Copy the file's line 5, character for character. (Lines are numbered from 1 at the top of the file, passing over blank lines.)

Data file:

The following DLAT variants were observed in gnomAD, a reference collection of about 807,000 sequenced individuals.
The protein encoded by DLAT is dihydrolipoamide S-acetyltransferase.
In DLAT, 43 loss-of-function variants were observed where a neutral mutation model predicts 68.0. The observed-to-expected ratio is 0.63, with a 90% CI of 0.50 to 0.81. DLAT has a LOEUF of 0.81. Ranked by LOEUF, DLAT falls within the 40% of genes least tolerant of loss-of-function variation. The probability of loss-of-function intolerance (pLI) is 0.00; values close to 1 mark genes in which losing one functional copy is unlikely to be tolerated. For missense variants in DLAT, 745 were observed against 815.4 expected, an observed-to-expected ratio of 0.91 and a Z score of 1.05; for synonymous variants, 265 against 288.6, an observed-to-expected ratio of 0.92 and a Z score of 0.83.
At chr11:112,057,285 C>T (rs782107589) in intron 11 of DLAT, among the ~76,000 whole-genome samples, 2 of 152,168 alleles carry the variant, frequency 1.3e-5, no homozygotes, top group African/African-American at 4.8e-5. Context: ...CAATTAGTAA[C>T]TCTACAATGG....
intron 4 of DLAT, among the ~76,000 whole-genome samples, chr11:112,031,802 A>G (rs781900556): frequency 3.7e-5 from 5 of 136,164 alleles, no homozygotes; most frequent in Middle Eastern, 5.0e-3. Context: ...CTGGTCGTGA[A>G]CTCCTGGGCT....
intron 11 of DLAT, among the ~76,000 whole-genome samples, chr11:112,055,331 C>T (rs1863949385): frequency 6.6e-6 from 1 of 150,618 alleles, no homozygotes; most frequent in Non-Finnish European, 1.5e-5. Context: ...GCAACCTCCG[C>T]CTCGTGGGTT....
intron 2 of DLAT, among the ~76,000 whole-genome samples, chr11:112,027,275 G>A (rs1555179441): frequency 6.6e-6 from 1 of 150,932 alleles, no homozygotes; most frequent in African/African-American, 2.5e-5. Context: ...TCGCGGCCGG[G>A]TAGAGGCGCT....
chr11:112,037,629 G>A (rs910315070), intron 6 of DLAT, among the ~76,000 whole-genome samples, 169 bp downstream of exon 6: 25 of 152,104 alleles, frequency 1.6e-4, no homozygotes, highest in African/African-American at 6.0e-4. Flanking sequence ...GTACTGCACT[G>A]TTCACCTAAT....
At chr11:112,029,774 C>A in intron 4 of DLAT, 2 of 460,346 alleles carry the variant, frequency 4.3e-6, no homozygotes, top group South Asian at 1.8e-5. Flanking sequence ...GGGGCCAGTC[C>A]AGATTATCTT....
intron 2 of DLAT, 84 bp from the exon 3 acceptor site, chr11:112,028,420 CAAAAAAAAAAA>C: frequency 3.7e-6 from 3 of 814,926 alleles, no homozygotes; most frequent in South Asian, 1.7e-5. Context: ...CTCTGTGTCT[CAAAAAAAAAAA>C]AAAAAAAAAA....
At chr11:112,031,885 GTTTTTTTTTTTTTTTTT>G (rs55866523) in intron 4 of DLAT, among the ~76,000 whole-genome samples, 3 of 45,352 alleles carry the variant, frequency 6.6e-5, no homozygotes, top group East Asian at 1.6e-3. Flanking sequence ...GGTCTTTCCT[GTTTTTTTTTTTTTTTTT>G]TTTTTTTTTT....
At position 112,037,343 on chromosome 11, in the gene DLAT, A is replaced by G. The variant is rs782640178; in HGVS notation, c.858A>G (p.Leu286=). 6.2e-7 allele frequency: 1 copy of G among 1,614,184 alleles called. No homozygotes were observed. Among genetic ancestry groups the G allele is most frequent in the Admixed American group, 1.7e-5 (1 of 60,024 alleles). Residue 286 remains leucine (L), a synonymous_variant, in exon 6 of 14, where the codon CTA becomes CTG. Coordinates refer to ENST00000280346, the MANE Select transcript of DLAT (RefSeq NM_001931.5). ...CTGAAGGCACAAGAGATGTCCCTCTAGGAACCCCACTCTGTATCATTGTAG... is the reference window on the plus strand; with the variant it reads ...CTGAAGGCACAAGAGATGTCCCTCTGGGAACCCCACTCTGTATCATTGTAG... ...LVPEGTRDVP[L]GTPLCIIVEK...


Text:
intron 4 of DLAT, among the ~76,000 whole-genome samples, chr11:112,031,802 A>G (rs781900556): frequency 3.7e-5 from 5 of 136,164 alleles, no homozygotes; most frequent in Middle Eastern, 5.0e-3. Context: ...CTGGTCGTGA[A>G]CTCCTGGGCT....